16 Feb 2009 by Olga Brighton
Maybe you're planning to hire a car to see the sights or taking a road trip on a Harley across the States. Either way if you're planning to drive abroad you'll need to check with the relevant country's embassy about the laws and driving licence requirements of the country you're visiting. These can vary greatly from the UK. Moreover, you'll need to get driving insurance.
Did you know? In the USA and Canada you must stop if you see a school bus offloading, no matter what side of the road it is on. Not stopping is a serious offence that may well result in your driving licence being suspended!
Check that your UK licence is up-to-date, and has the correct address on it. Any errors or changes in personal details must be notified to the DVLA in Swansea, or DVLNI in Coleraine for Northern Ireland licences.
Although most popular holiday resorts will let you hire a vehicle on a UK licence, an International Driving Permit (IDP) might be useful for more extensive travel. It also provides an extra form of photo identification, and is valid for a year. But, you'll need to get your IDP before you leave the UK: take a fee of £5.50, a recent passport-sized photo signed on the back, a full UK driving licence and a valid passport to a Post Office. Alternatively, you can get one through the AA or the RAC. Always take your full UK driving licence with you when driving abroad, even if you hold an IDP. You'll need it to hire a car and will be asked to show it to support the IDP if stopped by a police checkpoint. You risk a fine if you try driving on an IDP alone. If you have the new style UK driving licence, you should also take the paper portion of it, as well as the card with you.
Read also: The Secrets of Sickness-Free Car Trip
Driving in Europe In the European Economic Area (EEA) countries (EU member states plus Iceland, Liechtenstein and Norway), you can use a UK licence but, if you are taking your own car, you will need to check with your insurance company that your driving insurance is valid. Your insurance company can provide an International Motor Insurance Certificate, should this be needed for Europe. Make sure you have a first-aid kit, fire extinguisher, warning triangle, headlamp beam reflectors and spare lamp bulbs with you. This is a legal requirement in many countries. If you hire a car in Europe, check that these items are in place: the police will hold you responsible, not the hire company, if they are not.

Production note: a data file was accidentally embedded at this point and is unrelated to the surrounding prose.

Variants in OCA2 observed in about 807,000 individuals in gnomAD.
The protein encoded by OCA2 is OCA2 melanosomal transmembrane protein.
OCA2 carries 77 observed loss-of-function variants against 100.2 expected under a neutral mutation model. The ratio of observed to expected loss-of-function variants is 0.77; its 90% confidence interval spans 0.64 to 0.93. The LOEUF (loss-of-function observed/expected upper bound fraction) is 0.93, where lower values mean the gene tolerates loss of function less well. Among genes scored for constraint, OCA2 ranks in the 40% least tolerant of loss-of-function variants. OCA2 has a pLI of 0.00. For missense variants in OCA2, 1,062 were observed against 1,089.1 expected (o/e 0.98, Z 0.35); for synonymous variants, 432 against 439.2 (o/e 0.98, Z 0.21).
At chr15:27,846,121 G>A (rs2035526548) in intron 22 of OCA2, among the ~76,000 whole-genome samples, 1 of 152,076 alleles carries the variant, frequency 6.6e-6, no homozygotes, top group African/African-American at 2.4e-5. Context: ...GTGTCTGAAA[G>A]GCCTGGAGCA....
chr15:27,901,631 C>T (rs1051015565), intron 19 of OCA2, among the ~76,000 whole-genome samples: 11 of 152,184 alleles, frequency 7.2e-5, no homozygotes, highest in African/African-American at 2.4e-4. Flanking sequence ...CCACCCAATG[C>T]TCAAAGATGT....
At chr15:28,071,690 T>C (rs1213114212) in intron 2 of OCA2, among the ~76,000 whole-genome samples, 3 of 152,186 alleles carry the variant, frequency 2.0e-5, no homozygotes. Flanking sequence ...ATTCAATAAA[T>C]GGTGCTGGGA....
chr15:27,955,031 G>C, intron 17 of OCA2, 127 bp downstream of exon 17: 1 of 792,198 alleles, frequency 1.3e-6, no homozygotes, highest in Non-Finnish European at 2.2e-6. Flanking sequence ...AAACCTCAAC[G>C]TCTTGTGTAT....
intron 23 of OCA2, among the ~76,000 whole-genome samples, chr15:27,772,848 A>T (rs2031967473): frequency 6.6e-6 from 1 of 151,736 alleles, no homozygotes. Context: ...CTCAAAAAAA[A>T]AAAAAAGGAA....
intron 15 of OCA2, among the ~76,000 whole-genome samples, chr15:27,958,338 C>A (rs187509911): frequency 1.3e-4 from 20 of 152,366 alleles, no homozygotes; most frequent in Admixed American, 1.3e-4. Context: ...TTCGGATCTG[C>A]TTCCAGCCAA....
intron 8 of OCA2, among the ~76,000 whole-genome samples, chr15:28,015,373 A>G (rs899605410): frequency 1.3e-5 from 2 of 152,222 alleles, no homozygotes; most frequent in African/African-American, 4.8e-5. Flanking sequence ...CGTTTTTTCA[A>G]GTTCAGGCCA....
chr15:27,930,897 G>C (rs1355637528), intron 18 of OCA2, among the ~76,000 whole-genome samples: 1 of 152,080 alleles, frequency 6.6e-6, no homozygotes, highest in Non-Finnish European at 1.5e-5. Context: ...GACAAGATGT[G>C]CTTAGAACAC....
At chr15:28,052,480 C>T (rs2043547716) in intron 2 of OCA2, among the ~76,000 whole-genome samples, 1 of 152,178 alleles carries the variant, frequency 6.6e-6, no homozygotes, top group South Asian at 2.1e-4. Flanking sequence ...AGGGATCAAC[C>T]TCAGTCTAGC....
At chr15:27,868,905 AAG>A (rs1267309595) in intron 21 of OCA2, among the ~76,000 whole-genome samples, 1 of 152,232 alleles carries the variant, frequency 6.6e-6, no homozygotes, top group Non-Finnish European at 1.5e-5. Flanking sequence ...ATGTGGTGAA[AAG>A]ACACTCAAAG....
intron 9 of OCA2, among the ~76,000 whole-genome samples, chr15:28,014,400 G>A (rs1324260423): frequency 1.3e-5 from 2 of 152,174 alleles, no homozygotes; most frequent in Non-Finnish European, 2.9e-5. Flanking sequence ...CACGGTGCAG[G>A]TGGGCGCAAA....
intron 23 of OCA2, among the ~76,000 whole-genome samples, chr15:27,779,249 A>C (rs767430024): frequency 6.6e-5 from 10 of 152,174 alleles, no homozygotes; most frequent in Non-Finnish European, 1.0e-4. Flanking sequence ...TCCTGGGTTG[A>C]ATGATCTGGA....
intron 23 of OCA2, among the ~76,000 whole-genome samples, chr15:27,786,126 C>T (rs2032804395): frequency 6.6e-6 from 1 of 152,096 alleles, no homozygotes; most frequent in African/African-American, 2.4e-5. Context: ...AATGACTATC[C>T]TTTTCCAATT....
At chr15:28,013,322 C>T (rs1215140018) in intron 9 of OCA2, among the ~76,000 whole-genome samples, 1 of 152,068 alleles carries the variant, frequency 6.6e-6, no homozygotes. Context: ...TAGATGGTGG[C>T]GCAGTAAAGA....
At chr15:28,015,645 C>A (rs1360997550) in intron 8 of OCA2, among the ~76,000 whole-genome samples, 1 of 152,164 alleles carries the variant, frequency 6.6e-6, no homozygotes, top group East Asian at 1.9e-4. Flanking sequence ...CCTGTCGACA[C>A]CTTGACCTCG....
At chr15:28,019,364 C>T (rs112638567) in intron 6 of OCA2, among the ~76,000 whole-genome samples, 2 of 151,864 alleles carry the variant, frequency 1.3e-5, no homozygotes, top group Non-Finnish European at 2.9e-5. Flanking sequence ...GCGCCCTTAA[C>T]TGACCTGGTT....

UK registered vehicles with the new Euro-plates (with a circle of twelve stars on a blue background) no longer need to show a GB sticker at the back in European Union countries. However, you'll still need one in non-EU countries. Wherever you drive in Europe, it is mandatory to carry the original Vehicle Registration Document. If you don't have this, you will need a letter of authority from the owner and a Vehicle on Hire Certificate (VE103B), available from the RAC and AA. If you're taking a car into another country, it should be for your own use and must not be lent or hired to anyone else. If you leave it behind, or sell it, you must tell the local customs. After six months, you'll usually have to license the vehicle locally and pay import duties. Although it is not always the cheapest option, it can be a good idea to arrange car rental as part of your package with your travel agent. This can help in any later disputes, where dealing with a small local company abroad could become a major headache.
Many people who never ride a scooter in the UK think nothing of renting one when abroad, where it is often possible to do so with a car licence. Whilst it's a lot of fun, it can end in trouble, with the most common causes being a combination of alcohol, inexperience, and sudden downpours that turn dusty roads into slick death traps. Given the number of tourists who suffer serious injury or even death on scooters, the best advice is to avoid them unless you are an experienced rider. In any case, be sure to wear a good quality helmet and check the bike carefully before hire.
Taking a Compulsory Basic Training (CBT) course in the UK is a sensible introduction to two-wheel vehicles. One of the first things you'll learn is the importance of the right clothing and that the beaten-up, plastic, open-face helmets you may be offered in some countries with your rented bike, are far from adequate. As a bare minimum, pack a proper helmet and a good pair of biker gloves - or be prepared to insist that the rental company provide these.
Read also: Buying Travel Insurance